Employment Tribunals Service: Waiting Lists

Ministry of Justice written question – answered on 2nd August 2019.

Alert me about debates like this

Photo of Richard Burgon Richard Burgon Shadow Lord Chancellor and Shadow Secretary of State for Justice

To ask the Secretary of State for Justice, what the longest waiting time was between an application for an employment tribunal and the date of first hearing in (a) 2012, (b) 2015 and (c) 2018 by employment tribunal office.

Photo of Edward Argar Edward Argar The Parliamentary Under-Secretary of State for Justice

The longest time between an application for an employment tribunal and the date of first hearing in (a) 2012, (b) 2015 and (c) 2018 can be found in the table below.

Maximum waiting time (in weeks) from receipt to first hearing

January 12- December 12

January 15- December 15

January 18- December 18

All Claims 1,2

All Claims 1,2

All Claims 1,2

Aberdeen

250

96

142

Birmingham

629

387

216

Bristol

238

243

135

Cardiff

232

130

146

Dundee

146

106

138

Edinburgh

225

183

117

Glasgow

197

254

579

Leeds

595

275

231

London Central

198

266

209

London South

190

206

213

Manchester

475

450

289

Newcastle

573

440

244

Nottingham

287

221

394

Stratford

254

283

209

Watford

195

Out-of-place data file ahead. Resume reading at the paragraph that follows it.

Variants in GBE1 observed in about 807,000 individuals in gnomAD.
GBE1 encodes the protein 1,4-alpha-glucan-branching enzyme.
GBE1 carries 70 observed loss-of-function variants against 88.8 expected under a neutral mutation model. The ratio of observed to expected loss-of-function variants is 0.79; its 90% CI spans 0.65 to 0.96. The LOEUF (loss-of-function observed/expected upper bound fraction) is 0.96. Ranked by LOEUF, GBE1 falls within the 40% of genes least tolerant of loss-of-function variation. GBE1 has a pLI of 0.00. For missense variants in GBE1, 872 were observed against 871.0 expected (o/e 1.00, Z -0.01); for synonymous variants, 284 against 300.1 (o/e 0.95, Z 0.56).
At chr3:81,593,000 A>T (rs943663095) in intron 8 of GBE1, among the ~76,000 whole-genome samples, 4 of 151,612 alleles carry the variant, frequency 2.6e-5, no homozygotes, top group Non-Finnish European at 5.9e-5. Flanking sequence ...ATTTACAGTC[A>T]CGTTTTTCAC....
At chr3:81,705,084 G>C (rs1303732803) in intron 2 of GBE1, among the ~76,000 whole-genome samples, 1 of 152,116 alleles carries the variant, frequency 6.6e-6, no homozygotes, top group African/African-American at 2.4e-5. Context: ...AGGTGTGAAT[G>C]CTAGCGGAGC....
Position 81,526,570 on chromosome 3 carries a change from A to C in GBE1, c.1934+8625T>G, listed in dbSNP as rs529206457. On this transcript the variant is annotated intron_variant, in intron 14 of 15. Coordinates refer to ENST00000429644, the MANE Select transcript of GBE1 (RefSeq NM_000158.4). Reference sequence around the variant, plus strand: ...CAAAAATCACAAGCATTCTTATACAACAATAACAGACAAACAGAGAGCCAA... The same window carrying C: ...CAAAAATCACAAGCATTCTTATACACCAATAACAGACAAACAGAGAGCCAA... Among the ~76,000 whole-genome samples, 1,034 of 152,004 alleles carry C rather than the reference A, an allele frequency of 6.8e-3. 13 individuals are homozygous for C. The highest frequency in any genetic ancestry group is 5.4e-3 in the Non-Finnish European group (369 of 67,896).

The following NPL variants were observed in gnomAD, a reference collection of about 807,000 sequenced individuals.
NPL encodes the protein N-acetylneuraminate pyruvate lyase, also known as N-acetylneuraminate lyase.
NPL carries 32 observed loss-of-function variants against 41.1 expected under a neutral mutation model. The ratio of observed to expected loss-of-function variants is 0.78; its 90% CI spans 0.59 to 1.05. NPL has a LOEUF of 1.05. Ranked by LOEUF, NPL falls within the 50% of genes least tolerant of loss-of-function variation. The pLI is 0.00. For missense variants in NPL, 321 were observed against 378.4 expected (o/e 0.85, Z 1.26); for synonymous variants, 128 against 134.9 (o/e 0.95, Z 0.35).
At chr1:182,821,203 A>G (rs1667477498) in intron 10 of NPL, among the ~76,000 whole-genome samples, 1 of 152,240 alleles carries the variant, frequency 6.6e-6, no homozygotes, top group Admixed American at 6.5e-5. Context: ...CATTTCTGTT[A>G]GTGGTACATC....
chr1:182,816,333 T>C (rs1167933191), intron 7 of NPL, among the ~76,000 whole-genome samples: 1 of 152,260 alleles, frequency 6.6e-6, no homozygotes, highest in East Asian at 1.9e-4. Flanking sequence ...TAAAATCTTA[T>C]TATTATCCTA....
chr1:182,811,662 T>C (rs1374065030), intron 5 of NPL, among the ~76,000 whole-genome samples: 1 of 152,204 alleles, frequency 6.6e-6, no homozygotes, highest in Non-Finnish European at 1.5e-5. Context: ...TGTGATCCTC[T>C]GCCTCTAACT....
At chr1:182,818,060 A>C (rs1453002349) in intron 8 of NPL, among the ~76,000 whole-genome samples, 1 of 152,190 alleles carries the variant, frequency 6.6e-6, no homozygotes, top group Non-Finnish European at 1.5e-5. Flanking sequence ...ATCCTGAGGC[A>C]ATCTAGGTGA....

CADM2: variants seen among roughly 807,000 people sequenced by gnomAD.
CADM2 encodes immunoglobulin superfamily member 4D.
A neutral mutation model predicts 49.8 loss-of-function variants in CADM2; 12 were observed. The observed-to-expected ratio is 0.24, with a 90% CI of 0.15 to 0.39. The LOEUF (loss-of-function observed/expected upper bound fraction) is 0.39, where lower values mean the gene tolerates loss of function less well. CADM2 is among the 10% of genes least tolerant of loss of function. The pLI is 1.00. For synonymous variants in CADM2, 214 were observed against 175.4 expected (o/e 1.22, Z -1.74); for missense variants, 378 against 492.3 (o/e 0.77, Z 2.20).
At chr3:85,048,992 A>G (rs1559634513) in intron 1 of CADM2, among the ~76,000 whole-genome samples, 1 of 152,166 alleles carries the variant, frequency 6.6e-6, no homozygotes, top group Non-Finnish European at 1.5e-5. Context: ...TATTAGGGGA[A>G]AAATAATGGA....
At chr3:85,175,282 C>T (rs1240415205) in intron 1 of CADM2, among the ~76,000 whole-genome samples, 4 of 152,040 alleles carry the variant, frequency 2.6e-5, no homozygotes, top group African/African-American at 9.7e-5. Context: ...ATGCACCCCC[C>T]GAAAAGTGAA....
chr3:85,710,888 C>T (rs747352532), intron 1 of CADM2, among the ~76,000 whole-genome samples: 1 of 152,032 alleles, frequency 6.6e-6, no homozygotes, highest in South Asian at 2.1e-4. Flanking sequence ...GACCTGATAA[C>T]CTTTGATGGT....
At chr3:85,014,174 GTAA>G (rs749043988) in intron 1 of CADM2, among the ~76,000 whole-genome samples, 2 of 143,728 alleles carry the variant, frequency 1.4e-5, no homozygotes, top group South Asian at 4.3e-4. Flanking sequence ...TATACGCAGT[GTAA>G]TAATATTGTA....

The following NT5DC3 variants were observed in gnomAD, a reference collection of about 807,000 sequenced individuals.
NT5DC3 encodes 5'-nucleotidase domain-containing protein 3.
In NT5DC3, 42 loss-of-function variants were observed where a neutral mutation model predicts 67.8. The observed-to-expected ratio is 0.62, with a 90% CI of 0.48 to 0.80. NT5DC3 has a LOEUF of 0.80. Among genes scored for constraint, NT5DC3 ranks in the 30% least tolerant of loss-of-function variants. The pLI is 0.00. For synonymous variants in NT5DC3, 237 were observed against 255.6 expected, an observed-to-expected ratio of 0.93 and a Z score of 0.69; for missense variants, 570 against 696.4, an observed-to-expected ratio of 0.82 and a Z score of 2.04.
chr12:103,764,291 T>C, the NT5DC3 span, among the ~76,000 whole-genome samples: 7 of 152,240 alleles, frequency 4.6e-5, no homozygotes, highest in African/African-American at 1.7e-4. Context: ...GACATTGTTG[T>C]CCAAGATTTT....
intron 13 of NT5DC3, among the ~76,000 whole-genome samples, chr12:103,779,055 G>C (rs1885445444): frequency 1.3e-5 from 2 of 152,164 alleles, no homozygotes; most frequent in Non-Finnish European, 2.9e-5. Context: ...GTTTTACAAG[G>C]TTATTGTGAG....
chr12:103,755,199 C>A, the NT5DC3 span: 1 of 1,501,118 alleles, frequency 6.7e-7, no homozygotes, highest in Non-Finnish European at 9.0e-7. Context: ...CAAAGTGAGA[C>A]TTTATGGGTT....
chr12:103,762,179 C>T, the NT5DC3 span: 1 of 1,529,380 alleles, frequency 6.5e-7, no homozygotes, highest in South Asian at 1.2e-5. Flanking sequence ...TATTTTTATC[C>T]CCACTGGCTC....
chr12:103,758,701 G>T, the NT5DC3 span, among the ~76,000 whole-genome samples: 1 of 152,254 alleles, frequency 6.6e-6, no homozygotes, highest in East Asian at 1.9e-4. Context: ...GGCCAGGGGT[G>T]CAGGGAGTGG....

407

344

1 Single claims are made by a sole employee/worker, relating to alleged breaches of employment rights.

2 Multiple claims are where two or more people bring proceedings arising out of the same facts, usually against a common employer. In this instance the lead multiple claim would be listed for hearing. This table provides the maximum listing time for both single and lead multiple claim cases.

Timeliness is impacted by the complexity of a case, each one would be dealt with on it’s own merits and as such, some cases can take longer to progress than others. Claims such as equal pay and discrimination are types of jurisdictions which require longer hearing time and additional case management.

A claim may contain one or more jurisdictional complaint (grounds for the claim). Depending upon the complexity of the jurisdiction this may importantly influence the listing of such claims.

All data were taken from the Employment Tribunals Central database and as such is management information that is, provisional and subject to change.

Although care is taken when processing and analysing the data, the details are subject to inaccuracies inherent in any large-scale recording system, and is the best data that is available at the time of publication.

95% of multiple claims are stayed awaiting decision from a lead claim, as these are usually complex claims involving jurisdiction such as equal pay, holiday pay and pensions and it can take some time for these claims to be dealt with. This explains why the oldest claims in the table exceed ten years in length as they spend the majority of this period as a stayed claim.

HM Courts & Tribunals Service has been working with the tribunal’s judiciary to appoint additional judges to increase the capacity and performance of the tribunal. 58 (or 51.5 full time equivalent) salaried employment judges took up positions in England and Wales from April 2019.

Does this answer the above question?

Yes0 people think so

No0 people think not

Would you like to ask a question like this yourself? Use our Freedom of Information site.